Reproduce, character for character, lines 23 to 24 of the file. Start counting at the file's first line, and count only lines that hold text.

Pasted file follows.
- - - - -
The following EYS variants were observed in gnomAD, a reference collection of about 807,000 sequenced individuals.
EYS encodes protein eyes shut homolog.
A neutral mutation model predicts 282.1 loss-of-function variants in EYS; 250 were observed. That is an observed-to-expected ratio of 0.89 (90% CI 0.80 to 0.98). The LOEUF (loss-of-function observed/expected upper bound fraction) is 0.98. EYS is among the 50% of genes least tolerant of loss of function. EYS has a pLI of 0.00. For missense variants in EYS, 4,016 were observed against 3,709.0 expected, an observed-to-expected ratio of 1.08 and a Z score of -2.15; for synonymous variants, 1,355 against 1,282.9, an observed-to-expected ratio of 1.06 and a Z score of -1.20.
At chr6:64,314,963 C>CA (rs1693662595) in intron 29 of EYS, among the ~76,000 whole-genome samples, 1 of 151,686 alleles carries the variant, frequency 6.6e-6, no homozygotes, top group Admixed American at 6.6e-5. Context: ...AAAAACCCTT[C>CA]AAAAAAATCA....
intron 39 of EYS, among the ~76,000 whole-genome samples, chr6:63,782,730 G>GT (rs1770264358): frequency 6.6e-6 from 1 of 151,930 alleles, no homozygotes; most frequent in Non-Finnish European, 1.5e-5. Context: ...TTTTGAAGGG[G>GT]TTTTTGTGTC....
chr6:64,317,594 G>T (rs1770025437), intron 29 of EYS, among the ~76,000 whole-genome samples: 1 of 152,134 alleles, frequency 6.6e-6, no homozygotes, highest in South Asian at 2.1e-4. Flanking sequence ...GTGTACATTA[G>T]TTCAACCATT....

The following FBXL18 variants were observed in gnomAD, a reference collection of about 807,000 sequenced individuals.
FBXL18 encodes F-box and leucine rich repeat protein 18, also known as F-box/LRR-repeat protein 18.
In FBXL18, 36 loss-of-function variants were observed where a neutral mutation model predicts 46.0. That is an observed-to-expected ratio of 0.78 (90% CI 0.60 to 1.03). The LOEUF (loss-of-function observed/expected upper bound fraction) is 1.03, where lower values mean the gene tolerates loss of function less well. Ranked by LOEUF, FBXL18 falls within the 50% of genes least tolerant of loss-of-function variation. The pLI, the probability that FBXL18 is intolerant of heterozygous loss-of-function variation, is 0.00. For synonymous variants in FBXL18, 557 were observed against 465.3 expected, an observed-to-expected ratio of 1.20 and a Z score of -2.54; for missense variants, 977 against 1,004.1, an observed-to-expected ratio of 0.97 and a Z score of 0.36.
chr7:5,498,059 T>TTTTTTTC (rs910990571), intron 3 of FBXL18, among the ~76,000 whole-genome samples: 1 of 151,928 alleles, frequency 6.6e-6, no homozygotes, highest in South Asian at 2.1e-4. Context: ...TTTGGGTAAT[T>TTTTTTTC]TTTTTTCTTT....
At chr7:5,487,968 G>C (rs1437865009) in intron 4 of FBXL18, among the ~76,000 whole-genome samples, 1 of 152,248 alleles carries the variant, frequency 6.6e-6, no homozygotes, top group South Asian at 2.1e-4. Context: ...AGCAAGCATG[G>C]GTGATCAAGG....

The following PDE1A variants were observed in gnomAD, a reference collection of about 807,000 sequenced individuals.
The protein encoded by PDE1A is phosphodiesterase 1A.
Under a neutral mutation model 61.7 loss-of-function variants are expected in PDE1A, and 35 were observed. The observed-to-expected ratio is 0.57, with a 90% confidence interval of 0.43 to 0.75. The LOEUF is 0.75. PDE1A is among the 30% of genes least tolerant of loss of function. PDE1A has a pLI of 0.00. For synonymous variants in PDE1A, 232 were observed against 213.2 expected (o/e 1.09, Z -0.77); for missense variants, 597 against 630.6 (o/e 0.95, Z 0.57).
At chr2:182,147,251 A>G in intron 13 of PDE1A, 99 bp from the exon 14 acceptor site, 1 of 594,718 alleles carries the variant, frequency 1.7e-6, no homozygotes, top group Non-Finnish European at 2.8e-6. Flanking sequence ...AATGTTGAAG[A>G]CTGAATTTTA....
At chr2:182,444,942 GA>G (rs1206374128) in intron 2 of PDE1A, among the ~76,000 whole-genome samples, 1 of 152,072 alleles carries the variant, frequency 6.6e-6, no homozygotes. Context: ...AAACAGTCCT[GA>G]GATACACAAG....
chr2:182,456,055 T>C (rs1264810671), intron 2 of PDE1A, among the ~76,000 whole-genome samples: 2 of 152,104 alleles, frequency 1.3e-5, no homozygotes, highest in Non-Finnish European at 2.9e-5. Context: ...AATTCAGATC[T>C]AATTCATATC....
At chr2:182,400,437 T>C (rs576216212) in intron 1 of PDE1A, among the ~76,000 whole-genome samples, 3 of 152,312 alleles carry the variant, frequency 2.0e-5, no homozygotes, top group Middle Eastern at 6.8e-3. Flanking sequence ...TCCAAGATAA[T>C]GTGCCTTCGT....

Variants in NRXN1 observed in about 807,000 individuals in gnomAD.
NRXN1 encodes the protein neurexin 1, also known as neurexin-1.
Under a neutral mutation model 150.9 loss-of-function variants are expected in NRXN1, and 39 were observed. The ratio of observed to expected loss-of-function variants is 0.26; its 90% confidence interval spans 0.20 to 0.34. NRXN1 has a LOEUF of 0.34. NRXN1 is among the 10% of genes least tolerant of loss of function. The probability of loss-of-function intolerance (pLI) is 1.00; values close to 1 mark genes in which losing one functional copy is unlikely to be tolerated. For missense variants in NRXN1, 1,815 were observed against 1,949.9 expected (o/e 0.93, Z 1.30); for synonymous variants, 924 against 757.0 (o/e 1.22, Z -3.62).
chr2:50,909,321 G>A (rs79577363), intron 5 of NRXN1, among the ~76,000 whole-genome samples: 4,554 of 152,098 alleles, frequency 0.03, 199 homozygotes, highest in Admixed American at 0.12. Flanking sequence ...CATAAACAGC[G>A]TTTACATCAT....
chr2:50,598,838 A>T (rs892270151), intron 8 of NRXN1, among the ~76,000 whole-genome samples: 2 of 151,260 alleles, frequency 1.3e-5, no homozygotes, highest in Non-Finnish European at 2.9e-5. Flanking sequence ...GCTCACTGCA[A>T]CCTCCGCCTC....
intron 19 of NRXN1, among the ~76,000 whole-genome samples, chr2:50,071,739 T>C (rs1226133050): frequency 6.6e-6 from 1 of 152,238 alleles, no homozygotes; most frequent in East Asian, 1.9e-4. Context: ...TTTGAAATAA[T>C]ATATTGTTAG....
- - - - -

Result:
chr2:50,598,838 A>T (rs892270151), intron 8 of NRXN1, among the ~76,000 whole-genome samples: 2 of 151,260 alleles, frequency 1.3e-5, no homozygotes, highest in Non-Finnish European at 2.9e-5. Flanking sequence ...GCTCACTGCA[A>T]CCTCCGCCTC....
intron 19 of NRXN1, among the ~76,000 whole-genome samples, chr2:50,071,739 T>C (rs1226133050): frequency 6.6e-6 from 1 of 152,238 alleles, no homozygotes; most frequent in East Asian, 1.9e-4. Context: ...TTTGAAATAA[T>C]ATATTGTTAG....